Online IT security threats will continue to grow significantly in 2017 as hacking and scamming sources increase investment in technology and in training criminals and cyber-terrorists. So who are these hackers?
Hackers with hats
Articles on Internet security often refer to hackers by a ‘hat’ colour;
· White Hat: These are the good guys – they are ‘ethical’ hackers who focus their efforts on trying to break security systems to improve them.
· Black hat: The opposite of the above. These are the bad guys, intent on violating system security for malicious reasons or personal gain
· Grey Hat: A mix of the above two. These hackers will try to illegally break system security but not necessarily for personal gain. However, these hackers often contact the target of the breech and offer to ‘fix’ the problem for a fee. Some even publish details of their successful hacks.
The BIG boys
Billions of pounds are lost every year to hackers and scammers. Not surprisingly this has attracted the interest of much larger groups.
· Hacktivists: This group include cyberterrorists, an area of particular concern to the modern world. They target systems for purposes of furthering religious, political or ideological beliefs and ideas.
· Organised Crime: Make no mistake, the huge sums that can be exploited from individuals and businesses has drawn the attention of international crime gangs that share information and invest heavily in their own IT systems and hacking tools and skills.
· Governments: The threat of the above groups, plus the chance of carrying out their own cyber-espionage has forced heavy funding in cyberwarfare and prevention by all governments.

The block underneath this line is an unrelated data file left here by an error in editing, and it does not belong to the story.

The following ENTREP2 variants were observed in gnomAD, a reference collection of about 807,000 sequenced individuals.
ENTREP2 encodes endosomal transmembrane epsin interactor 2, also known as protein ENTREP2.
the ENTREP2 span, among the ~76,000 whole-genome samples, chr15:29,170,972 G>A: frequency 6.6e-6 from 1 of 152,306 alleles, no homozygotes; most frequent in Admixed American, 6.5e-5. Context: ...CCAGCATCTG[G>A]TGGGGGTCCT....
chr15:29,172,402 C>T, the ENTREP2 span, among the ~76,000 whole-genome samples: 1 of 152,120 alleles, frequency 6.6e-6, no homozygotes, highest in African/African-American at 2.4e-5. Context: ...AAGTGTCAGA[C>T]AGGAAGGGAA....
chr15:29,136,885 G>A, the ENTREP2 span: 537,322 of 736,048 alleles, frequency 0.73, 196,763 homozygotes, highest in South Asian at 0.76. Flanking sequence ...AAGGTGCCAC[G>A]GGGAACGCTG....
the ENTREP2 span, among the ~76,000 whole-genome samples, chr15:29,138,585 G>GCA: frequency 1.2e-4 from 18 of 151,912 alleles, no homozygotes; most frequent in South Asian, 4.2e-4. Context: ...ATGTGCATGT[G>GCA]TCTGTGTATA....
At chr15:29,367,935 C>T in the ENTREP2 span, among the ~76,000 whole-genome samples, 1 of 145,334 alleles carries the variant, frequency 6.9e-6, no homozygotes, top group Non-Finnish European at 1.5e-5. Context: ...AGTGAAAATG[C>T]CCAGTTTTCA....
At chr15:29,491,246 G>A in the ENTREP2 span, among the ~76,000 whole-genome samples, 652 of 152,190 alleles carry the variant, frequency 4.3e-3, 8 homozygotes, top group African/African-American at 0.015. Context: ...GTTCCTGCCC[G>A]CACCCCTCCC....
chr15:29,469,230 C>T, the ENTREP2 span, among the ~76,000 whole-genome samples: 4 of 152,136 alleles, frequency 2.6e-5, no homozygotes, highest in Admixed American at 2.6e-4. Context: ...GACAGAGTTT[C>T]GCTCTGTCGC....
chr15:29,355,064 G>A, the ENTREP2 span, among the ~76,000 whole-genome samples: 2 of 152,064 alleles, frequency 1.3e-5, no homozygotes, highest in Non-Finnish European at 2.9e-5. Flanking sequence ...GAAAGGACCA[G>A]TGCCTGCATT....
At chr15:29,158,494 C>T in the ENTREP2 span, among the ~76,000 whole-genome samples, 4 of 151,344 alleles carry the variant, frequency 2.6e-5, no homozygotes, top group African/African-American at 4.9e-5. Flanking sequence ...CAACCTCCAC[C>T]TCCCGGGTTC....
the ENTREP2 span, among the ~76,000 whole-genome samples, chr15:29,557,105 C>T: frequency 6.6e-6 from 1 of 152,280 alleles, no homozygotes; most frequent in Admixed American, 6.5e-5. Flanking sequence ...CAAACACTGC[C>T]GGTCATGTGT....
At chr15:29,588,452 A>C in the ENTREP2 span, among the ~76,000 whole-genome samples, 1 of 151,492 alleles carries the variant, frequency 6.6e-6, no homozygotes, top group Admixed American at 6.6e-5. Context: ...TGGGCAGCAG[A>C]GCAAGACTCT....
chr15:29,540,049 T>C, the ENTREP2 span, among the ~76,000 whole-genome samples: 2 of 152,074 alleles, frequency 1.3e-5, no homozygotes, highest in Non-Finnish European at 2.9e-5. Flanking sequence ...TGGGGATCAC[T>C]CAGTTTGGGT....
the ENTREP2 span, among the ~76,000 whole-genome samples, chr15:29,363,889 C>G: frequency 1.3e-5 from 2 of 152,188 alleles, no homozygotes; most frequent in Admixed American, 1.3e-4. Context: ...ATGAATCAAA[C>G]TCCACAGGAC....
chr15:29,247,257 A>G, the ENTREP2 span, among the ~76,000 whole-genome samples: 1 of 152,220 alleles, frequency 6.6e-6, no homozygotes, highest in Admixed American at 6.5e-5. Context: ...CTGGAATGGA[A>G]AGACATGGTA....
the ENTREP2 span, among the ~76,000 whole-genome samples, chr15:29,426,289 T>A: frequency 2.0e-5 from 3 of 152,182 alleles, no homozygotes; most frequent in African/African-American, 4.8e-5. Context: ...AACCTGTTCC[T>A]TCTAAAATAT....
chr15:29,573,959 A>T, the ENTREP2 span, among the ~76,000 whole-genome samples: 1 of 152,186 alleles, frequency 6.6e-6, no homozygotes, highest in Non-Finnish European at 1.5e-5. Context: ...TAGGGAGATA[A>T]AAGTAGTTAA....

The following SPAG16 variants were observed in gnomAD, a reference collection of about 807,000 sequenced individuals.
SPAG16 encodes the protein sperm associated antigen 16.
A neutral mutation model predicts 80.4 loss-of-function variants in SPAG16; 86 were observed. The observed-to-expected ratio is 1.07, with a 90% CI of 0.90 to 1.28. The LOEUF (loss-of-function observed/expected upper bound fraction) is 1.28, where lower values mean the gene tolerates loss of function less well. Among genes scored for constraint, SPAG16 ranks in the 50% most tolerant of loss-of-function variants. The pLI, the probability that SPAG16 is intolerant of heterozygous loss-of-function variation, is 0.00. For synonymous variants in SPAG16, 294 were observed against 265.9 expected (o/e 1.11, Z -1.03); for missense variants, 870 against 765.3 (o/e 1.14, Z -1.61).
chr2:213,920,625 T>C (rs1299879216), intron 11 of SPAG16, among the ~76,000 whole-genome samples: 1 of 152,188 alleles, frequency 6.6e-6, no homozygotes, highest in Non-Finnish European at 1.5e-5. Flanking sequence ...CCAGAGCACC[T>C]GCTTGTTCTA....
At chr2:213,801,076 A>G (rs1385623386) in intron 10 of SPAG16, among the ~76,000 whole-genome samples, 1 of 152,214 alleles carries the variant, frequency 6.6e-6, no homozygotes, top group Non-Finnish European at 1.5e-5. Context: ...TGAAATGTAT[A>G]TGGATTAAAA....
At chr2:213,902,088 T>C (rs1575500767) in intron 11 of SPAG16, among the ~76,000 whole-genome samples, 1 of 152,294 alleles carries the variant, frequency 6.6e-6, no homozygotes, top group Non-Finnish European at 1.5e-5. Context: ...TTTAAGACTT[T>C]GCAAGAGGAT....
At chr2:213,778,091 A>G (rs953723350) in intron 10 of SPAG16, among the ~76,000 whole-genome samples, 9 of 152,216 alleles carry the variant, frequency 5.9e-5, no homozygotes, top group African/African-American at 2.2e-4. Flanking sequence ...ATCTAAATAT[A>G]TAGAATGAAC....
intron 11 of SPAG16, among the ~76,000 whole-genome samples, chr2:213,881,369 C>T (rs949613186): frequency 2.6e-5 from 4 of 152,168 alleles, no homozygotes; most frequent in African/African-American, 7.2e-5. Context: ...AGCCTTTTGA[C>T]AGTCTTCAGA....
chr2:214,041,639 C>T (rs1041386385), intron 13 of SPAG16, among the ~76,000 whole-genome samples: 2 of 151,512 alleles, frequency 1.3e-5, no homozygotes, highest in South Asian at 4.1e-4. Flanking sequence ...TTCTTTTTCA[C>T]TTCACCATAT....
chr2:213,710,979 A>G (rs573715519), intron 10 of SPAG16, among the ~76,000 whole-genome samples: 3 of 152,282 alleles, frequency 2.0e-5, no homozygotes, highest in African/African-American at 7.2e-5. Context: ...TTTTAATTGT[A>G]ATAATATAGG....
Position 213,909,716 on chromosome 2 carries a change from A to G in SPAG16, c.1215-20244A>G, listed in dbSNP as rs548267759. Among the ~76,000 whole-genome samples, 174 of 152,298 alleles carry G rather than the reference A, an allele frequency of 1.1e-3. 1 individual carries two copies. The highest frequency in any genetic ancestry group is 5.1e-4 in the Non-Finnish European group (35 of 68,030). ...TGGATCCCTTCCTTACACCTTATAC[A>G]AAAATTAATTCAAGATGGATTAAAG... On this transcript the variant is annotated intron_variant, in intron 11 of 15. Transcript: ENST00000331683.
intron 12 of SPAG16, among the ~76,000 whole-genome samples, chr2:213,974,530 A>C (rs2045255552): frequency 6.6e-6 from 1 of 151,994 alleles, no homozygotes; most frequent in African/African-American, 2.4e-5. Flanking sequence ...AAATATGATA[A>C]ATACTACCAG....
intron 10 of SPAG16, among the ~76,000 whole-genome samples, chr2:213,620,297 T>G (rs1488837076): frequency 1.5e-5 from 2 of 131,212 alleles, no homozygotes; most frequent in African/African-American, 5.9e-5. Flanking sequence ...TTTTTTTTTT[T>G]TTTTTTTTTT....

The Internet of Things
You’ll hear this term a lot as we move into 2017 and beyond. This is a term that came into being due to the number of devices that now connect to the Internet other than the usual PCs, tablets and Smartphones. Technology is moving into the home in a big way. ‘Smart’ devices such as TVs, set top boxes (e.g. Freeview), printers, fridges, heating systems, light bulbs, electricity meters etc. More and more of our everyday devices are beginning to have integral Internet connectivity.
Hackers are rubbing their hands in glee over this as many of these devices do not allow for regular security updates as on PCs, tablets and Smartphones, as a result they can be more readily exploited to spread viruses and hack networks.
What should I do about it?
For many of the modern day threats we are in the hands of our service providers for protection, however, at an individual level we should ensure that we install and maintain Internet Security software and be cautious when using emails and visiting new web sites. I would also recommend at least two sets of back ups. The first on a regular basis to a connected device, such as a disk drive or cloud (Internet) backup option. The second to a device, such as an external disk, that can be disconnected from the system after the backup.
This latter tip is due to a new wave of ransomware virus that searches for all data including any connected backup device and any active cloud (Internet) backup. Ransomware attempts to extort money from the target by encrypting any data found and demanding payment to provide a code to allow decryption.